Meet the Candidates: Clayton County Sheriff

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Mike Tschirgi (R)

By Audrey Posten, Times-Register

“I’ve always liked helping people.”

For Clayton County Sheriff Mike Tschirgi, that’s why he entered the law enforcement profession 30 years ago, and why he’s seeking a fourth term as the county’s top cop.

This year’s consideration to run admittedly came with a new challenge.

“When I took out my papers, we had just heard about COVID-19, and I thought, ‘What am I getting into?’” noted Tschirgi, a Republican who’s running unopposed in the Nov. 3 general election.

“But my experience helps, especially with COVID,” he said. “We were able to get the proper PPE and training.”

Tschirgi’s law enforcement experience began with the Guttenberg Police Department in 1990. He joined the Clayton County Sheriff’s Department a year later. In 2008, while he was serving as senior investigator, Tschirgi decided to run for sheriff.

“Some of my co-workers encouraged me,” he said. “They thought I could do a good job and knew I cared about the department.”

As sheriff, Tschirgi said he’s brought more communication and cooperation to the department, not only through working with local fire departments, EMS and government officials, but the public. He writes a monthly “What’s New in County 22?” column that’s published online and in local newspapers, and also oversees other news releases.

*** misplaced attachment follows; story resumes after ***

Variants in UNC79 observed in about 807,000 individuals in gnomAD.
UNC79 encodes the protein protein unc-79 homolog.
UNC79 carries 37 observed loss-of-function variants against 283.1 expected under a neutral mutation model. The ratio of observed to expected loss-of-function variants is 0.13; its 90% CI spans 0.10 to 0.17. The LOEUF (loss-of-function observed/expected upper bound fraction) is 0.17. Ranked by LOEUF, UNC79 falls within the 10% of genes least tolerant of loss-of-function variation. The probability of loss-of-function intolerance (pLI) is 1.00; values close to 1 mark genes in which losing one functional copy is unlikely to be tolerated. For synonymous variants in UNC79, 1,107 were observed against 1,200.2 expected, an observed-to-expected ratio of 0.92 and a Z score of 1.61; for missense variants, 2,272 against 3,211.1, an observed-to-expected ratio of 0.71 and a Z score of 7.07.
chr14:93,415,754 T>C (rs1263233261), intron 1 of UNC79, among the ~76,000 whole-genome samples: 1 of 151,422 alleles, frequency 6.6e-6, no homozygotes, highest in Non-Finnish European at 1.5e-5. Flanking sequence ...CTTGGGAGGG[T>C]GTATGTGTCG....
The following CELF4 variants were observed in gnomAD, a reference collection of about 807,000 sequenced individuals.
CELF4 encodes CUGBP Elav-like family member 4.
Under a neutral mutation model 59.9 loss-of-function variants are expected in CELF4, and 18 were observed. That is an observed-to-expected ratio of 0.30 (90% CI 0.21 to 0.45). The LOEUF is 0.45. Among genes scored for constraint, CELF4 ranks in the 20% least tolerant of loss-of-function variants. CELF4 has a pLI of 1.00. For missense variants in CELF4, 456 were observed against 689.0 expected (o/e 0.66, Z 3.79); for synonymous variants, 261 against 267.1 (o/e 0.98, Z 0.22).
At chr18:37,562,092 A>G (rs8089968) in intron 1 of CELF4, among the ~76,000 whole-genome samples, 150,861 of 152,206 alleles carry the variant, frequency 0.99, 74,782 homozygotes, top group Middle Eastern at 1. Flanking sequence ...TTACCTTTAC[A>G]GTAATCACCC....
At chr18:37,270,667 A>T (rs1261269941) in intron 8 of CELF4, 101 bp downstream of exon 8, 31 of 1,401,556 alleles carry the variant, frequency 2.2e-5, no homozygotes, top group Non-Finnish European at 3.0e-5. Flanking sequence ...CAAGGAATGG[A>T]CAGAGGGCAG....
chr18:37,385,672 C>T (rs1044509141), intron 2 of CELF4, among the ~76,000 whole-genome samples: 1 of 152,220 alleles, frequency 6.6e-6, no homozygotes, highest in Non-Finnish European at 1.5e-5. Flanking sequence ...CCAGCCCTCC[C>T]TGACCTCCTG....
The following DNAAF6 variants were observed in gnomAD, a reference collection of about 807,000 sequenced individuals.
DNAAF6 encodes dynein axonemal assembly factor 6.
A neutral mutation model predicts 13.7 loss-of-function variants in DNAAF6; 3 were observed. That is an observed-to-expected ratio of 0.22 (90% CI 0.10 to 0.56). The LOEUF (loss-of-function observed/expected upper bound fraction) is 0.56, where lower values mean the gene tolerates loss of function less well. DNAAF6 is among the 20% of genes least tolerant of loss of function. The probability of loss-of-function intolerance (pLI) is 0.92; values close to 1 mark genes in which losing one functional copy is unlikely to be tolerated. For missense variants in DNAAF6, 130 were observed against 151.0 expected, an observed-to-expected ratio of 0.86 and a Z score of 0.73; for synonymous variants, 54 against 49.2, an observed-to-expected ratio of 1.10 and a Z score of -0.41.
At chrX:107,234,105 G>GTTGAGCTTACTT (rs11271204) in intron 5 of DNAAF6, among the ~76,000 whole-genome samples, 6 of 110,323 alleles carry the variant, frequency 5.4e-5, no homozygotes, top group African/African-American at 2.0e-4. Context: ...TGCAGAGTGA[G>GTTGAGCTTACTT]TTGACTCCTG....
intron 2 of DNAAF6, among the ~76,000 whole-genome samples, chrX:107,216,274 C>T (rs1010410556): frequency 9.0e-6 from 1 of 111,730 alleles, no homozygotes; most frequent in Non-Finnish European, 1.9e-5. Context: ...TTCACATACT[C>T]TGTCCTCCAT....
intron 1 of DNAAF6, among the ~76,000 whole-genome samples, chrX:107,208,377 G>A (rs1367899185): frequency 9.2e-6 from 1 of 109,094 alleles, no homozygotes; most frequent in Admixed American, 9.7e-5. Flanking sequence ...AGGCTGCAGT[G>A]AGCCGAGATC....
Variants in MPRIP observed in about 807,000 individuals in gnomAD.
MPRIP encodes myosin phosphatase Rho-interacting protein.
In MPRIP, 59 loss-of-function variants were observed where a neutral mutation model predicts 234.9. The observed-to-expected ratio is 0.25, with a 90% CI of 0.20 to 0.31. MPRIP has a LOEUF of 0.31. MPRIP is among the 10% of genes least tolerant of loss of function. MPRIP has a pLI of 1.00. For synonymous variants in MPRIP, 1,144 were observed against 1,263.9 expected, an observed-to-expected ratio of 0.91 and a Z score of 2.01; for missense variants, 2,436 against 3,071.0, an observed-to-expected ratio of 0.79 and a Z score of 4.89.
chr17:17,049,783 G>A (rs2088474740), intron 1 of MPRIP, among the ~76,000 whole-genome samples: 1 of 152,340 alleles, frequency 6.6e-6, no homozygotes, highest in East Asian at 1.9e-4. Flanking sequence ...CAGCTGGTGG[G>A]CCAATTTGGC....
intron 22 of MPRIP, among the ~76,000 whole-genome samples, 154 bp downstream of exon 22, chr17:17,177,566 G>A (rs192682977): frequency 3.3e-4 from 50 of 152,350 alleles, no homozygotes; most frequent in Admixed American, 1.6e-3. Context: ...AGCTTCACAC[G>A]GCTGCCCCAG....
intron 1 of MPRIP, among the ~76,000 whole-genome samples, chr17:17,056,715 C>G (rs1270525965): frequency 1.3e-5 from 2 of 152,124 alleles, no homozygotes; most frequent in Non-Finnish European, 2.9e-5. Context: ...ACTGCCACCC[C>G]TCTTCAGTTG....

Another priority has been updating the Clayton County Sheriff’s Department’s policies and procedures, as well as making improvements at the jail at what he said was little cost to taxpayers.

“I’m also a big supporter of the second amendment,” Tschirgi said. “We’ve gotten people more gun permits. We’re running background checks to make sure those who shouldn’t have one don’t get one.”

In the next four years, Tschirgi said he’ll work on improving the department’s computers and software, along with assuring officers have up-to-date training and equipment.

Many personnel have been with the sheriff’s department for years. 

“You stick around when you like your job,” Tschirgi said. “All of our officers have a special talent, and they’re good in different areas, whether it’s drugs or sexual abuse cases. They make sure people get the help they need.”

The law enforcement profession has been highly scrutinized, particularly this year. Tschirgi is glad to serve in Clayton County, where he said compliments are often more common than complaints.

He and his staff serve an important function, including aiding other law enforcement agencies, patrolling county roads, overseeing the jail and prisoners and executing and returning all writs and other legal processes.

“Law enforcement is there to help,” Tschirgi stressed, “whether it’s solving crimes or keeping people accountable for what they do.”

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